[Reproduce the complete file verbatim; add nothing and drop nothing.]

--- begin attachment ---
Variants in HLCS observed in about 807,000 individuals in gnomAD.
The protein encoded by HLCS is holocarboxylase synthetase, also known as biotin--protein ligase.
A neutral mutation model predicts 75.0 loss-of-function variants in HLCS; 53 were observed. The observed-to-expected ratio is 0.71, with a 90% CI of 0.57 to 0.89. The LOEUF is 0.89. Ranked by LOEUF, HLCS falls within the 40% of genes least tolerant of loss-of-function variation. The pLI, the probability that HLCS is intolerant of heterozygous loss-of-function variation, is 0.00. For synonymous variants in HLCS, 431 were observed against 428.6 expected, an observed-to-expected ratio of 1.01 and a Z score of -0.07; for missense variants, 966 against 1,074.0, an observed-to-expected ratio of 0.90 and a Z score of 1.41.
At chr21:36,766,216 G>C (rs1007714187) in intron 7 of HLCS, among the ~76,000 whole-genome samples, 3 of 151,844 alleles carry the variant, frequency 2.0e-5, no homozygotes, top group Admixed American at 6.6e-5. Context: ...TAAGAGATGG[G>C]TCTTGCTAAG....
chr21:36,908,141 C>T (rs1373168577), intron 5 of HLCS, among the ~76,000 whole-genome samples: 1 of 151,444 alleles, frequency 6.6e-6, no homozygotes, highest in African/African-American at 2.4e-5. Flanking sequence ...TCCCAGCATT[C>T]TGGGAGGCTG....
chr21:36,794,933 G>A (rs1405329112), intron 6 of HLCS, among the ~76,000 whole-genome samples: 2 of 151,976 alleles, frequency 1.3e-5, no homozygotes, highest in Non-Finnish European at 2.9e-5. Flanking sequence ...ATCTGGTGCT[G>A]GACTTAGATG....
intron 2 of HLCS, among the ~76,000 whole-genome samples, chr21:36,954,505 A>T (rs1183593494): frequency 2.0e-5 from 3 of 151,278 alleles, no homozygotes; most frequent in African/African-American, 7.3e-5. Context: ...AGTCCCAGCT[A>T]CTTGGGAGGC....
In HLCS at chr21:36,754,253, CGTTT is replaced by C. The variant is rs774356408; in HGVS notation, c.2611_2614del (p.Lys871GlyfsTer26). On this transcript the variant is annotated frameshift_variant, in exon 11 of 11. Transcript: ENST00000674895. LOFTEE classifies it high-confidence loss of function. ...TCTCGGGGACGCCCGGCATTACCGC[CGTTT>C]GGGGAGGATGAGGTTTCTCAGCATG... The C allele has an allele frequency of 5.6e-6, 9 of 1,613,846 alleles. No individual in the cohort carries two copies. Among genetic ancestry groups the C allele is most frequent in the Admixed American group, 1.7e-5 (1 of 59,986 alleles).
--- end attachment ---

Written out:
Variants in HLCS observed in about 807,000 individuals in gnomAD.
The protein encoded by HLCS is holocarboxylase synthetase, also known as biotin--protein ligase.
A neutral mutation model predicts 75.0 loss-of-function variants in HLCS; 53 were observed. The observed-to-expected ratio is 0.71, with a 90% CI of 0.57 to 0.89. The LOEUF is 0.89. Ranked by LOEUF, HLCS falls within the 40% of genes least tolerant of loss-of-function variation. The pLI, the probability that HLCS is intolerant of heterozygous loss-of-function variation, is 0.00. For synonymous variants in HLCS, 431 were observed against 428.6 expected, an observed-to-expected ratio of 1.01 and a Z score of -0.07; for missense variants, 966 against 1,074.0, an observed-to-expected ratio of 0.90 and a Z score of 1.41.
At chr21:36,766,216 G>C (rs1007714187) in intron 7 of HLCS, among the ~76,000 whole-genome samples, 3 of 151,844 alleles carry the variant, frequency 2.0e-5, no homozygotes, top group Admixed American at 6.6e-5. Context: ...TAAGAGATGG[G>C]TCTTGCTAAG....
chr21:36,908,141 C>T (rs1373168577), intron 5 of HLCS, among the ~76,000 whole-genome samples: 1 of 151,444 alleles, frequency 6.6e-6, no homozygotes, highest in African/African-American at 2.4e-5. Flanking sequence ...TCCCAGCATT[C>T]TGGGAGGCTG....
chr21:36,794,933 G>A (rs1405329112), intron 6 of HLCS, among the ~76,000 whole-genome samples: 2 of 151,976 alleles, frequency 1.3e-5, no homozygotes, highest in Non-Finnish European at 2.9e-5. Flanking sequence ...ATCTGGTGCT[G>A]GACTTAGATG....
intron 2 of HLCS, among the ~76,000 whole-genome samples, chr21:36,954,505 A>T (rs1183593494): frequency 2.0e-5 from 3 of 151,278 alleles, no homozygotes; most frequent in African/African-American, 7.3e-5. Context: ...AGTCCCAGCT[A>T]CTTGGGAGGC....
In HLCS at chr21:36,754,253, CGTTT is replaced by C. The variant is rs774356408; in HGVS notation, c.2611_2614del (p.Lys871GlyfsTer26). On this transcript the variant is annotated frameshift_variant, in exon 11 of 11. Transcript: ENST00000674895. LOFTEE classifies it high-confidence loss of function. ...TCTCGGGGACGCCCGGCATTACCGC[CGTTT>C]GGGGAGGATGAGGTTTCTCAGCATG... The C allele has an allele frequency of 5.6e-6, 9 of 1,613,846 alleles. No individual in the cohort carries two copies. Among genetic ancestry groups the C allele is most frequent in the Admixed American group, 1.7e-5 (1 of 59,986 alleles).